When it comes to selling cars, there's no substitute for getting bums on seats and letting potential customers get a whiff of that new car smell. And Hyundai and Shine have put a few different bums on the seats of its Accent model, including that of a truck driver, in an effort to inspire other Kiwis to take it for a hoon themselves.
The main TVC features an entertaining, salt of the Earth, full-blooded Kiwi chap called Shaun, who works for a landscaping company and usually makes deliveries in his five-tonne truck during the day, who takes the Accent out instead (as he says: "when I drive a small car, I'll drive one"). And in addition to the opinions of this rather incongruous driver, it also filmed a range of drivers who already have small cars taking it for a spin.
And, tapping into the unceasing human desire for free stuff, Hyundai has also made the most of its relationship with ambassador Al Brown and is giving a free copy of his book Get Fresh to anyone who takes the Accent for a spin (check out the car here).
According to Roy Morgan, Hyundai has done a great job of improving its lot and getting on the wishlist of Kiwi drivers (there are 200,000 Kiwis in the market for a new car in the next four years). In 2007, almost two in five New Zealanders who planned to buy a new car in the next four years said they would ‘definitely would not consider’ any Hyundai model. But that's been halved in just seven years.
Obviously, some automotive brands feature on many wish-lists and stand to benefit when these new car intenders start shopping in earnest. Others are ‘rejected’ before they can even be considered. Over the last five years, however, several of these ‘rejected’ brands have redeemed themselves in the eyes of the car-buying public to crack the Top 10 of New Zealand’s least rejected makes.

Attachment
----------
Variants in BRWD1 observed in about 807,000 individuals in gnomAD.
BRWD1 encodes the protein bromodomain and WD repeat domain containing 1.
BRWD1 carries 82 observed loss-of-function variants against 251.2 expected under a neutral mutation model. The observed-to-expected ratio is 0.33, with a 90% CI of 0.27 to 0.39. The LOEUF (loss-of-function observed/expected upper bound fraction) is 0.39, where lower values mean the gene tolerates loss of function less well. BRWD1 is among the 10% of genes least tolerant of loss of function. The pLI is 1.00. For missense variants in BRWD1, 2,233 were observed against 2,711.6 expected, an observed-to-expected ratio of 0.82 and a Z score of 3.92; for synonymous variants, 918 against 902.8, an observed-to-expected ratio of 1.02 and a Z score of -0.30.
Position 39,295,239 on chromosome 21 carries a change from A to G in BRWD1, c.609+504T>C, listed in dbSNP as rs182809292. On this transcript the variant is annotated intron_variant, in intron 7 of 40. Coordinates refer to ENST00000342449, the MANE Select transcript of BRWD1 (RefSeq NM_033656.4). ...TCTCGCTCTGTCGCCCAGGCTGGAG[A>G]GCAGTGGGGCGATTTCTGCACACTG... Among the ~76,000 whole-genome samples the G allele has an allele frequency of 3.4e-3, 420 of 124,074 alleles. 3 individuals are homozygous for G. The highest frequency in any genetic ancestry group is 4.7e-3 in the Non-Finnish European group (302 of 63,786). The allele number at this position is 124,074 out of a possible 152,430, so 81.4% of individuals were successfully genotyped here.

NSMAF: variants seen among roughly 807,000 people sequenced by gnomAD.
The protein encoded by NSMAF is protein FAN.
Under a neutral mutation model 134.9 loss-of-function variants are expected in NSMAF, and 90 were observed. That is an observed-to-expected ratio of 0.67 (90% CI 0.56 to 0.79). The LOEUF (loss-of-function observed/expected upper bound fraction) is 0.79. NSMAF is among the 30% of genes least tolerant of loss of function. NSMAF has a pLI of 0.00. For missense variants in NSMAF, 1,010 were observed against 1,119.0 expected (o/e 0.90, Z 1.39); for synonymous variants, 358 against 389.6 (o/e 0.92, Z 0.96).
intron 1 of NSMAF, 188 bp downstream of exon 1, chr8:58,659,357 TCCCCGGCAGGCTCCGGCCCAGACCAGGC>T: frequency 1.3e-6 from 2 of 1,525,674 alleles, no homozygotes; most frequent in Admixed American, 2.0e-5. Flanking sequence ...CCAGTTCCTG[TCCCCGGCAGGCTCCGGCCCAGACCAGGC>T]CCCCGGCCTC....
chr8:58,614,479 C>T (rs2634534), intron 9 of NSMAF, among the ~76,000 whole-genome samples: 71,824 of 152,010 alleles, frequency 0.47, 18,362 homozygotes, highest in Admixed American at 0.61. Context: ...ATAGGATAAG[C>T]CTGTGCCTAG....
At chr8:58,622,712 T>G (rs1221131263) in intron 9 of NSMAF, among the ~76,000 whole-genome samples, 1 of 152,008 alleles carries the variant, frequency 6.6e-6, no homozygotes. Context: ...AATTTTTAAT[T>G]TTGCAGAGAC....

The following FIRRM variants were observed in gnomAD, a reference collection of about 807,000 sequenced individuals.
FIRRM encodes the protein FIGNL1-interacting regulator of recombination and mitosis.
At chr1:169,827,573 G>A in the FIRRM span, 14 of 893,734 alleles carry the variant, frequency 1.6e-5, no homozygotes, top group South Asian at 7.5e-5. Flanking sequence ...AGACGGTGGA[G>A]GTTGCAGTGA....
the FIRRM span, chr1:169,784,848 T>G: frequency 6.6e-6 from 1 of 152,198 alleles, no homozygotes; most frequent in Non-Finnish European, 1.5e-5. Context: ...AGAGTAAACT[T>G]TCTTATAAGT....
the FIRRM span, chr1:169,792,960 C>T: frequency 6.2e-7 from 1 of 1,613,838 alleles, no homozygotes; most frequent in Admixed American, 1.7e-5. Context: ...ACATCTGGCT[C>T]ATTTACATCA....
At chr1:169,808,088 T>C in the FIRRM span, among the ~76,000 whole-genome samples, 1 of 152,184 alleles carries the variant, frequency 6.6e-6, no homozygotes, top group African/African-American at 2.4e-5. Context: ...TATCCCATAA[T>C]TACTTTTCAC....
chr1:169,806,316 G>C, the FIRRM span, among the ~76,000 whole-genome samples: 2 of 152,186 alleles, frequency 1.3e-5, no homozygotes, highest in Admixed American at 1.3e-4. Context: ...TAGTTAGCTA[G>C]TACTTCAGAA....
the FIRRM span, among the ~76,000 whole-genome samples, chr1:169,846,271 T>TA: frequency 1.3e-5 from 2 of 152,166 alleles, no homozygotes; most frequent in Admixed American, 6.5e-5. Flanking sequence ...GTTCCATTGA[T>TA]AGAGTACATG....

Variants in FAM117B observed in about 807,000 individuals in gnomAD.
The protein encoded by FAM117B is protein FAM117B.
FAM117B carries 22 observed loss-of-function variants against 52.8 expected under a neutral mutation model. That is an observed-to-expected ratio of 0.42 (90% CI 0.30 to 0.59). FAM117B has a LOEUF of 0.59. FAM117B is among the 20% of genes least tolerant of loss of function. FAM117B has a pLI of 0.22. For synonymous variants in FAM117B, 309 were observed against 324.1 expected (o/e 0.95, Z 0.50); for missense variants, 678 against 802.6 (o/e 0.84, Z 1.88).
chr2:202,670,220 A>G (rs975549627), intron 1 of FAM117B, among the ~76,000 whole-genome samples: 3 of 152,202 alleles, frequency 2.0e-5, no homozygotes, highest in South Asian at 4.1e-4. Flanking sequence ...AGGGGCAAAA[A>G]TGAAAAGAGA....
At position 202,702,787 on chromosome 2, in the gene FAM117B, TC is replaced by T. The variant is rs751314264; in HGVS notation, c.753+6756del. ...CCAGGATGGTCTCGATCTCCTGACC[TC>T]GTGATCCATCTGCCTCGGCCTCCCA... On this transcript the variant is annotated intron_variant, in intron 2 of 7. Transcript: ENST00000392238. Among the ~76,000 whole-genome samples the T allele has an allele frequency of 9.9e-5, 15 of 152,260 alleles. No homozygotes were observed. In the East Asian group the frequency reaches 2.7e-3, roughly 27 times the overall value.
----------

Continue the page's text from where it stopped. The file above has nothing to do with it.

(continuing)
Hyundai continues to make great inroads into the New Zealand market. In the 12 months to January 2014, 20.6% of Kiwi new car intenders named Hyundai as a brand they would ‘definitely not consider buying’ — a substantial decrease from 36.3% in the year to January 2009. As a result, Hyundai’s potential customer base has grown by 38,000 people.
“Over the last five or six years, Hyundai’s popularity among New Zealand’s new car intenders has skyrocketed," says Roy Morgan's general manager Pip Elliot. "As we reported last year, much of the brand’s improvement is due to several new models being introduced into the local market, combined with high-profile marketing campaigns and sponsorship deals. It’s encouraging to see that with genuine effort and improvements, a brand can turn its fortunes around and establish itself as a real contender."
Overall, new car sales in New Zealand are going off at the moment, with new vehicle registrations for March 2014 up 18 percent on the same time last year, according to the MIA.
Toyota was the overall market leader for the month of March with 16% market share (1,802 units) with Ford second on 11%% (1,202 units) and Holden third with 8% (950 units).
Toyota was the passenger car market leader for the month of March with 13% share (1049 units), with Hyundai second on 10% (774 units) and Holden third with 10% (764 units).
The Toyota Corolla remains the top selling passenger model with 5% market share (408 units), followed by the Suzuki Swift on 4% (287 units) and the Holden Commodore at 3% (245 units). The Mitsubishi Outlander and Mazda 3 were the next best-selling models, also with 3% each of market share.
The Ford Ranger was the top selling commercial model for March with 550 units sold (17% market share). The Toyota Hilux was the second best seller with 16% market share (505 units). This was followed by the Nissan Navara with 8% (270 units). Year to date the Ford Ranger is the top selling commercial model with 15% market share (1171 units) closely followed by the Toyota Hilux, with 14% market share (1126 units).
The sale of sports utility vehicles represented a whopping 29% of all vehicles sales in March, followed by pick-ups/chassis-cabs with 20% and small passenger cars at 19% each.